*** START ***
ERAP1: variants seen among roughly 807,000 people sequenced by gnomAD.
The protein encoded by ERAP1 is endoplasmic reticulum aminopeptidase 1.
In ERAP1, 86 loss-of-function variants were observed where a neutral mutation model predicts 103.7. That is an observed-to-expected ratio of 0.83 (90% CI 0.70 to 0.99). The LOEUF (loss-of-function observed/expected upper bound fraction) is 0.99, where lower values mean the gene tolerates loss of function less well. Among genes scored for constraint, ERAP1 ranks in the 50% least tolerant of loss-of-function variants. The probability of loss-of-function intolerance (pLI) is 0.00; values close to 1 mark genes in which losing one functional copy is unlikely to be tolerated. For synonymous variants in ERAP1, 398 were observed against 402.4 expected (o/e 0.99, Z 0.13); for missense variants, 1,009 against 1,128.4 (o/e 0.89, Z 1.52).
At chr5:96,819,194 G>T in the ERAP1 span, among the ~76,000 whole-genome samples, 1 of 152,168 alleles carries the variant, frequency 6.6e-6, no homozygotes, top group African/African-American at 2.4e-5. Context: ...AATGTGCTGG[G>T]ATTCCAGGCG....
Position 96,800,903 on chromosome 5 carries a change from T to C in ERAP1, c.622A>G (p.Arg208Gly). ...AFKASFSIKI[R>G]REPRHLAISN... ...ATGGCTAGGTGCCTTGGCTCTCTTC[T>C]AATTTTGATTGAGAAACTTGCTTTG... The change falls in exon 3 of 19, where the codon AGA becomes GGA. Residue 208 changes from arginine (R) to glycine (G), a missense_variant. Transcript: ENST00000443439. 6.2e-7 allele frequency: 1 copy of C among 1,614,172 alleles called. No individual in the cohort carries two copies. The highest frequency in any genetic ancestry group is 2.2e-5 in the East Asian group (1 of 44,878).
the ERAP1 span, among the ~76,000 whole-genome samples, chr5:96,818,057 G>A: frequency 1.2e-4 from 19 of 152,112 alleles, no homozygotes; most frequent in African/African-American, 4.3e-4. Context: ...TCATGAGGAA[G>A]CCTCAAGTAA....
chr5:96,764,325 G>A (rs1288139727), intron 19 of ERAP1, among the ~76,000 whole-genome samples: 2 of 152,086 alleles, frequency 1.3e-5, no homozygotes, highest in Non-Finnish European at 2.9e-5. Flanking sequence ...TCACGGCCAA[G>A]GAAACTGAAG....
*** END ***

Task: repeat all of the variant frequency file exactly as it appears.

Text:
ERAP1: variants seen among roughly 807,000 people sequenced by gnomAD.
The protein encoded by ERAP1 is endoplasmic reticulum aminopeptidase 1.
In ERAP1, 86 loss-of-function variants were observed where a neutral mutation model predicts 103.7. That is an observed-to-expected ratio of 0.83 (90% CI 0.70 to 0.99). The LOEUF (loss-of-function observed/expected upper bound fraction) is 0.99, where lower values mean the gene tolerates loss of function less well. Among genes scored for constraint, ERAP1 ranks in the 50% least tolerant of loss-of-function variants. The probability of loss-of-function intolerance (pLI) is 0.00; values close to 1 mark genes in which losing one functional copy is unlikely to be tolerated. For synonymous variants in ERAP1, 398 were observed against 402.4 expected (o/e 0.99, Z 0.13); for missense variants, 1,009 against 1,128.4 (o/e 0.89, Z 1.52).
At chr5:96,819,194 G>T in the ERAP1 span, among the ~76,000 whole-genome samples, 1 of 152,168 alleles carries the variant, frequency 6.6e-6, no homozygotes, top group African/African-American at 2.4e-5. Context: ...AATGTGCTGG[G>T]ATTCCAGGCG....
Position 96,800,903 on chromosome 5 carries a change from T to C in ERAP1, c.622A>G (p.Arg208Gly). ...AFKASFSIKI[R>G]REPRHLAISN... ...ATGGCTAGGTGCCTTGGCTCTCTTC[T>C]AATTTTGATTGAGAAACTTGCTTTG... The change falls in exon 3 of 19, where the codon AGA becomes GGA. Residue 208 changes from arginine (R) to glycine (G), a missense_variant. Transcript: ENST00000443439. 6.2e-7 allele frequency: 1 copy of C among 1,614,172 alleles called. No individual in the cohort carries two copies. The highest frequency in any genetic ancestry group is 2.2e-5 in the East Asian group (1 of 44,878).
the ERAP1 span, among the ~76,000 whole-genome samples, chr5:96,818,057 G>A: frequency 1.2e-4 from 19 of 152,112 alleles, no homozygotes; most frequent in African/African-American, 4.3e-4. Context: ...TCATGAGGAA[G>A]CCTCAAGTAA....
chr5:96,764,325 G>A (rs1288139727), intron 19 of ERAP1, among the ~76,000 whole-genome samples: 2 of 152,086 alleles, frequency 1.3e-5, no homozygotes, highest in Non-Finnish European at 2.9e-5. Flanking sequence ...TCACGGCCAA[G>A]GAAACTGAAG....